Globalisation threatens hard won worker rights in developed countries
Shorter working hours lengthened
Well-organised German workers are feeling the pinch from competition from lower paid workers in Eastern Europe and South Africa .
An agreement covering 4000 workers at two Siemens plants in Germany signed at the end of June, provides for a 40-hour week without any additional pay. Workers chose to work an extra five hours a week to retain their jobs after the company threatened to take the work to low-wage Hungary .
Siemens German workers last worked a 40-hour week 20 years ago before their seven-week strike won them the shortened working week.
Meanwhile, the International Metalworkers Federation (IMF) reports that DaimlerChrysler service workers at Sindelfingen in Germany have agreed to the phase in of an extra four hours a week and a 2.79% pay cut in 2006 in return for their job security until 2012. In addition, management is not allowed any further outsourcing.
“Jobs have been secured on a long term basis, a success which one cannot value highly enough,” said Jurgen Peters, German metal union, IG Metall’s president.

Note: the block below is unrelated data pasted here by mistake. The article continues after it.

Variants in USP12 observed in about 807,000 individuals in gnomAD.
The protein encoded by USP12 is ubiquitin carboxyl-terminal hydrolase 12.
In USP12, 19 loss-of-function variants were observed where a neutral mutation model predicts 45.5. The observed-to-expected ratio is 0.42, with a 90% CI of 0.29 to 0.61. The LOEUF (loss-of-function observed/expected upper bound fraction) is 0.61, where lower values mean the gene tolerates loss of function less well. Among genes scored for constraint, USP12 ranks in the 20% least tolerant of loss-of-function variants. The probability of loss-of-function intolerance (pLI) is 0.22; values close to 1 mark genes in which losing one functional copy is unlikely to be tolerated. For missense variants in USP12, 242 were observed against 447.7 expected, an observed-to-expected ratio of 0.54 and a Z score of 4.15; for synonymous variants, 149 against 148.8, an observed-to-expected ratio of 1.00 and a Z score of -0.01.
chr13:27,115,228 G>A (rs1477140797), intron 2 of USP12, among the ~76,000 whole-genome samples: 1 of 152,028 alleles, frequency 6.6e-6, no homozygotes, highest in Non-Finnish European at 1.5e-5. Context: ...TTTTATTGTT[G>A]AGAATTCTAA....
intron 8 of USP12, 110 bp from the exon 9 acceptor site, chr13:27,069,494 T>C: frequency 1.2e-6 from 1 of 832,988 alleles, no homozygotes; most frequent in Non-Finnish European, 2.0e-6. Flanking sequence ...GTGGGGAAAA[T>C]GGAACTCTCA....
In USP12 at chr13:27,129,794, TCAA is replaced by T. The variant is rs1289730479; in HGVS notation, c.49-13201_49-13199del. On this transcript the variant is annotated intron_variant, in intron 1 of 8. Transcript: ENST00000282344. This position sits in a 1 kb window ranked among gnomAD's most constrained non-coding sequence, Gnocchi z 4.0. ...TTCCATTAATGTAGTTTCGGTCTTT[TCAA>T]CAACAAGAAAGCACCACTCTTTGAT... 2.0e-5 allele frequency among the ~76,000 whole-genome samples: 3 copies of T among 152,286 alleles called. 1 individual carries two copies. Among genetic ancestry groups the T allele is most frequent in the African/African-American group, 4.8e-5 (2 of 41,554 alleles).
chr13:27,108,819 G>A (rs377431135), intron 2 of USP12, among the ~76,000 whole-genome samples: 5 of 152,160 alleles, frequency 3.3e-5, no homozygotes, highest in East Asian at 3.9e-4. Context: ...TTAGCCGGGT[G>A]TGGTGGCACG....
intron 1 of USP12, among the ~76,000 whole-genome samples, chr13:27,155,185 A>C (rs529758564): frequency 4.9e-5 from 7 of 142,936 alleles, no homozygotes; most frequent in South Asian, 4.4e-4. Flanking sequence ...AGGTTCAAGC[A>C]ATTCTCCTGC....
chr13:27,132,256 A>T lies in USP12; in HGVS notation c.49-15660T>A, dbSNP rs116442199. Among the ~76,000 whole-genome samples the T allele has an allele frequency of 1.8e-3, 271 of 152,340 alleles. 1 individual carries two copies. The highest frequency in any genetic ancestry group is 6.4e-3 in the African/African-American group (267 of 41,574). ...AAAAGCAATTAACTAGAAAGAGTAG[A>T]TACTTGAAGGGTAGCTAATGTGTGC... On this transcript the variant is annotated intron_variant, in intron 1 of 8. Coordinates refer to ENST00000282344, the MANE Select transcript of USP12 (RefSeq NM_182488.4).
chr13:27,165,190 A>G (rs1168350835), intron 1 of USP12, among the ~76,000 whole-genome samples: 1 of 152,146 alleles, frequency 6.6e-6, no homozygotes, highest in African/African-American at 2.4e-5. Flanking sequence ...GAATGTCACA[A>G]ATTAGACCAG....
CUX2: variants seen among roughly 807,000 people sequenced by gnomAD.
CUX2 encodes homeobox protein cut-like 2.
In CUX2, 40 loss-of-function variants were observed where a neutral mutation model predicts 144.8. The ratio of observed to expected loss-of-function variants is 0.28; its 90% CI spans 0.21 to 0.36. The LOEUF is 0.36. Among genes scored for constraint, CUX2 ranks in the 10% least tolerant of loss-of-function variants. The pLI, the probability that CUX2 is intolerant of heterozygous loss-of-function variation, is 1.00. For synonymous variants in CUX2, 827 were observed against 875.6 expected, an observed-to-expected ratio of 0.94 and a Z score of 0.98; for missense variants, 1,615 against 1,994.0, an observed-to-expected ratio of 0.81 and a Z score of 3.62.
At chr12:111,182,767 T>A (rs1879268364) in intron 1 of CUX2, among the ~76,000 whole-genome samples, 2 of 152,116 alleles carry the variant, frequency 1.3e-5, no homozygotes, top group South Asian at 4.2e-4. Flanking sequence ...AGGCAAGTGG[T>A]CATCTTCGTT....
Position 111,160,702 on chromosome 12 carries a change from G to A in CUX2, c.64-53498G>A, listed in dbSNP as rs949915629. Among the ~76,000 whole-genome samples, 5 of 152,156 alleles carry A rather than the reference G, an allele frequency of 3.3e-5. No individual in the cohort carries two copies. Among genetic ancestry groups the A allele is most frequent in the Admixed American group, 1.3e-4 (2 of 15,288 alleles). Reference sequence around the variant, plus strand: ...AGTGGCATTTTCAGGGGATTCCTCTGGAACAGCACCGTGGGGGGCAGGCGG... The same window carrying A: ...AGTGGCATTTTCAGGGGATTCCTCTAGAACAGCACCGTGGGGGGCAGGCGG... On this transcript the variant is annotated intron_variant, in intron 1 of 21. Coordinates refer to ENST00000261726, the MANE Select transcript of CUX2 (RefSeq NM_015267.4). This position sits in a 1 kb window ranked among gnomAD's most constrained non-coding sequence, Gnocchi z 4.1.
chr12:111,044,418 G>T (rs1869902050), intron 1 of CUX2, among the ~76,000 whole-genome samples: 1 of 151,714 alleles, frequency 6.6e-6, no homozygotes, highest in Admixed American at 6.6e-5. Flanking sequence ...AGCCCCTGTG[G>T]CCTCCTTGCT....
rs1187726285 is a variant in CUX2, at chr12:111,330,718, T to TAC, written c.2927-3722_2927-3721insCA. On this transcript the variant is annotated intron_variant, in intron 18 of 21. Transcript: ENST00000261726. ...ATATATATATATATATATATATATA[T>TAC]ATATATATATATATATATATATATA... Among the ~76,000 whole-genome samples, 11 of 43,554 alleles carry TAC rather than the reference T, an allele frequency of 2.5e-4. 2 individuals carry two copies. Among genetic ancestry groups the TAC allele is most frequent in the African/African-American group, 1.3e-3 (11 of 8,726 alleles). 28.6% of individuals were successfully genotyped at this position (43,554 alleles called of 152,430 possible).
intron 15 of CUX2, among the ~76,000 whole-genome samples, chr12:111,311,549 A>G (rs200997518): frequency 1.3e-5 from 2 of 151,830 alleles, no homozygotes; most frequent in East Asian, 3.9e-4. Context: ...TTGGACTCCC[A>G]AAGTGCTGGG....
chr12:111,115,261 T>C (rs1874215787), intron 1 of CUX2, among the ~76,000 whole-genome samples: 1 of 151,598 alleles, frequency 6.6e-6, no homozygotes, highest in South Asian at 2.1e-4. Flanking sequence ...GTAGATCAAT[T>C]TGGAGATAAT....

Management had threatened to move production of some of its new C-class Mercedes to another plant in Bremen , Germany or its South African plant in East London .
As Numsa Bulletin went to print, Volkswagen Germany became the latest company to put the squeeze on its workers with proposals for a one-year wage freeze and with no promise of job security.
Hartmut Meine, head of IG Metall’s negotiating team, was quoted in This Day as saying: “If it came to a pay freeze, it should basically mean shareholders also get nothing. But shareholders get a regular dividend, so why should the workers get nothing?”
Rest of Europe
The same threats are cowering French workers too. More than 800 workers recently agreed to a 36-hour week to keep the company in France instead of it going to the Czech Republic .
UK trade union magazine, Labour Research, reports that employers in the Netherlands , Belgium and Austria are also “calling for a return to the 40-hour week.”